Consumer Voice Apps and Smart Devices Lead the Way for Speech Tech

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The annual Consumer Electronics Show (CES) in Las Vegas serves as a barometer of what’s new and exciting in the consumer-tech world and what the focus areas will be in the near term. This year’s CES was no exception, but for the first time, there was a dedicated full-day conference on voice technology and applications; key players in the voice assistant segment, including Amazon’s Alexa, Google Assistant, Apple’s Siri, Microsoft’s Cortana, and Samsung’s Bixby, were represented. Clearly, this is a big sign of the interest and maturity of consumer voice applications.

The voice app and smart device makers seem to be following the approach of “let’s voice-enable devices and then let users figure out whether they’ll take to them.” Individually, some of the new products and applications may seem “meh” or “cool,” but collectively, they represent an exciting phase of innovation for voice and speech technologies.

So what were some interesting announcements? Google Assistant will be able to read out long-form content (e.g. web pages), and optionally translate it as well. Cortana already does something similar; using machine learning it summarizes the content before the out-loud read. Such functionality is definitely handy, but one of the challenges has been the monotonous, drone-like quality of the digital assistants. Mainstream adoption of voice applications will definitely increase if the voices start to sound more natural and expressive, more humanlike. Progress in artificial intelligence (AI) is enabling this, but much work remains in making digital assistants sound more realistic in different contexts. Many consumer companies would also like to customize the digital assistants to reflect their brand voice and values, and that can also help to improve user engagement and increase adoption.

The trend of voice-enabling smart devices continues at a fast clip, as smart speaker companies have announced more partnerships and integrations. From cars to gaming consoles to microwaves to washing machines to toilets to TVs to mattresses and more, companies have demonstrated that you can issue voice commands and operate these devices. Taken to its logical conclusion, we can expect most devices to be voice-enabled in a few years. Devices will also start talking to each other (“voice as API”).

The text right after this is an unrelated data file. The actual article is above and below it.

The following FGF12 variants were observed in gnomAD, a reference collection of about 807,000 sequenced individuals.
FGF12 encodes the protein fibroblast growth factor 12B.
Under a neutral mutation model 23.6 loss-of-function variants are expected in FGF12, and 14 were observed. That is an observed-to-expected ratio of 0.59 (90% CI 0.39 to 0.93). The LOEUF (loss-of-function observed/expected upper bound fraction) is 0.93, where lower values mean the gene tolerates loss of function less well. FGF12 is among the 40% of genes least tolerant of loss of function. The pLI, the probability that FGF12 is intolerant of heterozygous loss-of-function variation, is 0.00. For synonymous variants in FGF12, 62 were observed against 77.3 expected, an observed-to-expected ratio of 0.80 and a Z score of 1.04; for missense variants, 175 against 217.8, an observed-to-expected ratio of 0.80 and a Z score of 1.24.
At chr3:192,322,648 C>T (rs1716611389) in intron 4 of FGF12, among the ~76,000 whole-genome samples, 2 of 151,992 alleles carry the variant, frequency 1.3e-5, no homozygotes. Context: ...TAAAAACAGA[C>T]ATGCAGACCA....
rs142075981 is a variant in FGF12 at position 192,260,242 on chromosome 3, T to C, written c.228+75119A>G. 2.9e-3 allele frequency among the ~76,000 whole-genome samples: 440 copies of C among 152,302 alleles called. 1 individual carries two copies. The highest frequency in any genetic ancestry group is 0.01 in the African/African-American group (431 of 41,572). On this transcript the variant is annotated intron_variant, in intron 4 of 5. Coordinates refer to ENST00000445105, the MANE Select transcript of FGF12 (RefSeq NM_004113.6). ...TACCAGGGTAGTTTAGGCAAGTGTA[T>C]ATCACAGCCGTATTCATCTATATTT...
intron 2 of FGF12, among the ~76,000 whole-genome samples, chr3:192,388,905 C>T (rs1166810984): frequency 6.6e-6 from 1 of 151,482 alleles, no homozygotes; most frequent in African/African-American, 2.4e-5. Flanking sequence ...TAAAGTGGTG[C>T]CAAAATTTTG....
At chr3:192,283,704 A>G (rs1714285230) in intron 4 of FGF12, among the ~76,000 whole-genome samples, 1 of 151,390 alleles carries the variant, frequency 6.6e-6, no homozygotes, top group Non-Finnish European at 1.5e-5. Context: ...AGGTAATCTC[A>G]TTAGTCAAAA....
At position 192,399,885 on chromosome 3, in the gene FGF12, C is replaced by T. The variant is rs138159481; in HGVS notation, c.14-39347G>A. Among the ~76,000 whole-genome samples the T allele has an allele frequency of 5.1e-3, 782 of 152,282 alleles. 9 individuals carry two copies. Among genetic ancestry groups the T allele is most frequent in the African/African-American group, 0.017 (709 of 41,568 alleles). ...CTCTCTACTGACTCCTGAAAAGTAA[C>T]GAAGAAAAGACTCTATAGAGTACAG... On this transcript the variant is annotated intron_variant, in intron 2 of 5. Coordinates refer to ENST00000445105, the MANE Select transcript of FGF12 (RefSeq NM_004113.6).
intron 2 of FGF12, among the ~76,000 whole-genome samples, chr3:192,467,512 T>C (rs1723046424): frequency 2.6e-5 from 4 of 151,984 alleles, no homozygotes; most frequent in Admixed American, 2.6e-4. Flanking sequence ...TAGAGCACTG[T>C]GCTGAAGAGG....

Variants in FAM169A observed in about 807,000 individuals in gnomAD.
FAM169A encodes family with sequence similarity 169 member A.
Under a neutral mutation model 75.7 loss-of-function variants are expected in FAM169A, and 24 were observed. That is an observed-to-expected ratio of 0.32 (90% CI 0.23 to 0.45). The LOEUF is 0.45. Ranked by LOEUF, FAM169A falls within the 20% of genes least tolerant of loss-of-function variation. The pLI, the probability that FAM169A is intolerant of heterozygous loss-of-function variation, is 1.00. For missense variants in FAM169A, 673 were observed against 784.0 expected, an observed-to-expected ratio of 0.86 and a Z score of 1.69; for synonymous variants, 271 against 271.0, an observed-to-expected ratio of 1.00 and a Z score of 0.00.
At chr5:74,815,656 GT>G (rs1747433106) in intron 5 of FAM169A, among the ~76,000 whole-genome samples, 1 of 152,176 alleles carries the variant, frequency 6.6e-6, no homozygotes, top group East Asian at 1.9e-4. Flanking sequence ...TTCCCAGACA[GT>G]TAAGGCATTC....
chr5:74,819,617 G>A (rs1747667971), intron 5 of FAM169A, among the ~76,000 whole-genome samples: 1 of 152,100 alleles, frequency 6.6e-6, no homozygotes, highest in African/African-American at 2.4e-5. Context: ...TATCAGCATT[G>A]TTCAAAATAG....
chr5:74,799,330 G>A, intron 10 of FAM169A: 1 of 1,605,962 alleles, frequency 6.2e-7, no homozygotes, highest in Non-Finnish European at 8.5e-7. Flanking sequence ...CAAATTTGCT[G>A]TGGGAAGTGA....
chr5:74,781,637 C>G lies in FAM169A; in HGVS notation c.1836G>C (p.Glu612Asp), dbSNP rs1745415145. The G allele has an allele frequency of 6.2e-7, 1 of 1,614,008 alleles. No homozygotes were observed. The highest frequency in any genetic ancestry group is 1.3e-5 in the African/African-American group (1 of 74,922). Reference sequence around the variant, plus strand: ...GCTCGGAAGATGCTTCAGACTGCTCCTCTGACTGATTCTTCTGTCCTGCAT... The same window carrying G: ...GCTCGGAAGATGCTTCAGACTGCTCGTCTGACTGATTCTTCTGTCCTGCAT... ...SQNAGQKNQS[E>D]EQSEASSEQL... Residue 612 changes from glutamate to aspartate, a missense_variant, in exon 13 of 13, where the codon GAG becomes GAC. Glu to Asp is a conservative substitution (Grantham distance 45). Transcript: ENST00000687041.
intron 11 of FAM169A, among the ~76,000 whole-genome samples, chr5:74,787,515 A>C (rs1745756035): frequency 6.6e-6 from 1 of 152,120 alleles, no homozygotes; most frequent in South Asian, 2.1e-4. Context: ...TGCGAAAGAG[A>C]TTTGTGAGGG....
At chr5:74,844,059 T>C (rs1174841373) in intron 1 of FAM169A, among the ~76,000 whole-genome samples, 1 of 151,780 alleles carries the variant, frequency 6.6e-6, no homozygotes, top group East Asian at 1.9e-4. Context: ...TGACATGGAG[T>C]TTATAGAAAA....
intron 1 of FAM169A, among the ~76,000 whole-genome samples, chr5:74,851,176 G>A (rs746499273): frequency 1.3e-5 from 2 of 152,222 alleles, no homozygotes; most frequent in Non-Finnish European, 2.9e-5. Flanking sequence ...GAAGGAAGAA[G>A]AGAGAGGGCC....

I expect smart devices to be both voice-enabled and provide a display screen as a fall-back mechanism or as additional convenience for users; we will have a combination of voice-only, display-only, and hybrid (voice plus display) use cases. There’s still a ways to go in understanding how voice interfaces work, how voice and visual interfaces work together, the different user interaction models, and the best practices of interaction design. For example, with all the improvements in voice technology, people have started recording voice notes on their mobile phones to send to friends via text or instant messenger. Just think about the user interaction model here.

But of course the prospect of being surrounded by always-on listening devices during your waking and even sleeping hours is troubling. It raises many questions about user privacy and security. One small but promising development has been “voice-based deletes,” being able to ask your voice assistant to forget or delete what you’ve just said. Here, again, a lot of work needs to be done in terms of reassuring users about voice apps’ data collection, data processing, and data storage practices.

Many shiny and new voice apps have emerged for the popular platforms (more than 100,000 skills for Alexa), but the typical user will struggle to discover and use them (unlike with mobile app stores). I won’t say that discoverability for voice apps is broken because we’ve never had a discoverability paradigm to begin with. We are figuring it out as we go along, and that’s par for the course for emerging technologies.

To be sure, there are challenges to be solved—figuring out the real use cases, perfecting user interaction models, addressing privacy and security concerns—but we are approaching the inflection point with voice applications. If you are a marketer or a consumer brand, jump right in and start experimenting with how you’ll use them in your business workflows and customer journeys.  

Kashyap Kompella is the CEO of rpa2ai Research, a global AI industry analyst firm, and is the co-author of Practical Artificial Intelligence: An Enterprise Playbook.

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